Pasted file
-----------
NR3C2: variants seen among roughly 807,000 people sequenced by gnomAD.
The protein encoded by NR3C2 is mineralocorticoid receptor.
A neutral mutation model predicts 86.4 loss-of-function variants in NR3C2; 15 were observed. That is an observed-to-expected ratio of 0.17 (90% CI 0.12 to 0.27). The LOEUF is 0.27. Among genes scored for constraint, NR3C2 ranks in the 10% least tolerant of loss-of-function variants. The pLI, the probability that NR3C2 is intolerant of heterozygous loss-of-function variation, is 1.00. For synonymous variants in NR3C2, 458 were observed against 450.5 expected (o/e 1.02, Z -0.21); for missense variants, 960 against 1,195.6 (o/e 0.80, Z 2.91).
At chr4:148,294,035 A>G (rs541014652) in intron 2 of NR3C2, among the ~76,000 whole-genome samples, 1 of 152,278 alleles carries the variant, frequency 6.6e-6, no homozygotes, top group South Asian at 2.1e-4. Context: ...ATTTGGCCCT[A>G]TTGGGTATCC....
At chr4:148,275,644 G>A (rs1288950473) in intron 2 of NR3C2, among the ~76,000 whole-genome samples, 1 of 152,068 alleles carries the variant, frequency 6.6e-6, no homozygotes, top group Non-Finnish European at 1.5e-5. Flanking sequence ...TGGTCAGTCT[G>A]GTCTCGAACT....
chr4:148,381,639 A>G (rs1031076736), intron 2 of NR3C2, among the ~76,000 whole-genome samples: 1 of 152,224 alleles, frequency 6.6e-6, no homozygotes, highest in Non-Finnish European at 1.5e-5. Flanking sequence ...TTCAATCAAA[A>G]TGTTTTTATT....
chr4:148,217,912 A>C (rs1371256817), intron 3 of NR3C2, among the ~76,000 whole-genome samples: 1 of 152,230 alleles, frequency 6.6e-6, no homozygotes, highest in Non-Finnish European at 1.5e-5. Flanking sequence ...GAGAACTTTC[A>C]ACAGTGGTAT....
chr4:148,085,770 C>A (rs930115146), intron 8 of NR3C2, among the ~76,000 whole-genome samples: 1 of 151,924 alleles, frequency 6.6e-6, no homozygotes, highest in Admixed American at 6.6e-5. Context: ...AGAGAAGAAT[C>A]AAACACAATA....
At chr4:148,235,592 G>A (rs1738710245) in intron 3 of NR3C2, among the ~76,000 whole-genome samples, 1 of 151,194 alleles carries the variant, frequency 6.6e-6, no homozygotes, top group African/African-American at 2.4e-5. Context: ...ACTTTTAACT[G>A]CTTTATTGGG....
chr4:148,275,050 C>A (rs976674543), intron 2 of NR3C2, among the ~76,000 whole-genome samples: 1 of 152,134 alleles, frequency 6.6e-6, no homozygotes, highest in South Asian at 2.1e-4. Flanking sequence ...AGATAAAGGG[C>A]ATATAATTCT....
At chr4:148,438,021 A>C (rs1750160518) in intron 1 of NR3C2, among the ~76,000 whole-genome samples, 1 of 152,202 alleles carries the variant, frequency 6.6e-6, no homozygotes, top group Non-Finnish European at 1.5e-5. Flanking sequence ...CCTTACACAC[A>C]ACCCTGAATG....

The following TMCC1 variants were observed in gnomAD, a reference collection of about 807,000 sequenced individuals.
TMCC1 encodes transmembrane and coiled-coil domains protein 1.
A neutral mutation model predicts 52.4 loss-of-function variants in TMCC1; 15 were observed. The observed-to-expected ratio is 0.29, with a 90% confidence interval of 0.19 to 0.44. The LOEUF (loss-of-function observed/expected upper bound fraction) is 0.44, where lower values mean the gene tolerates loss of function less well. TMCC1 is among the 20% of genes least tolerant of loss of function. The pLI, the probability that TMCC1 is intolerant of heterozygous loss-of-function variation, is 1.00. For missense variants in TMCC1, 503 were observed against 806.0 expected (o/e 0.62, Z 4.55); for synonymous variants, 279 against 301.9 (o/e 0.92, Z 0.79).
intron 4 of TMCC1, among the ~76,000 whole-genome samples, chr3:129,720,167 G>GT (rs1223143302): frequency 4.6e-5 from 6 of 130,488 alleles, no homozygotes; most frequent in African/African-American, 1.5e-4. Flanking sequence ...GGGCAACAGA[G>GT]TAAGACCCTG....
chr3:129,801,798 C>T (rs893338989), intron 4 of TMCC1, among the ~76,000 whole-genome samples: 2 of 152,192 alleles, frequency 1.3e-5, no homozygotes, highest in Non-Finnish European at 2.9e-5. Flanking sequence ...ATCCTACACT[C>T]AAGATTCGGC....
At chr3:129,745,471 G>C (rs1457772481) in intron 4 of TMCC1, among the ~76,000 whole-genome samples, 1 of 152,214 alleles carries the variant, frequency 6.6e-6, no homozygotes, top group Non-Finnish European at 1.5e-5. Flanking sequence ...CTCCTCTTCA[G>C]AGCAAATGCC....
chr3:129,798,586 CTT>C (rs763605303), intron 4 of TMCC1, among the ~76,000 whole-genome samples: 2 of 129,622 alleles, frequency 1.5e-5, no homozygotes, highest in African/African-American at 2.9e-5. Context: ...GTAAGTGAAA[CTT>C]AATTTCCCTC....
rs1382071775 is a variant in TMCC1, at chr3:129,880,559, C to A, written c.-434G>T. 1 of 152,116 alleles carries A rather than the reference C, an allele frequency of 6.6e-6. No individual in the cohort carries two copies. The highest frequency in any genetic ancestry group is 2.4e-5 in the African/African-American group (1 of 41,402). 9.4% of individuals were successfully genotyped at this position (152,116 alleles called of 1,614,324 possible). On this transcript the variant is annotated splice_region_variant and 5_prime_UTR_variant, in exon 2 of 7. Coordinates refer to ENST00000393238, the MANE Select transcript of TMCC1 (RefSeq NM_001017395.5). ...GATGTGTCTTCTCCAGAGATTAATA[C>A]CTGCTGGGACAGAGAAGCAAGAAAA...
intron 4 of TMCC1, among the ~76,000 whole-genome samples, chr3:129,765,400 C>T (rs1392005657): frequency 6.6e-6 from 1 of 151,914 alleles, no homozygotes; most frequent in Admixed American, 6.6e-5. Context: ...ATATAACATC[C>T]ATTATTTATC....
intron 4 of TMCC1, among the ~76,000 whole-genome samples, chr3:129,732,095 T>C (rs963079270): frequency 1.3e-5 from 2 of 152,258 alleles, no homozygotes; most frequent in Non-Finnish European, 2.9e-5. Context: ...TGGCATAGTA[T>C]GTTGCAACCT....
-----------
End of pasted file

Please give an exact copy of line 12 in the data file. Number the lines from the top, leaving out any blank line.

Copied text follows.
The following TMCC1 variants were observed in gnomAD, a reference collection of about 807,000 sequenced individuals.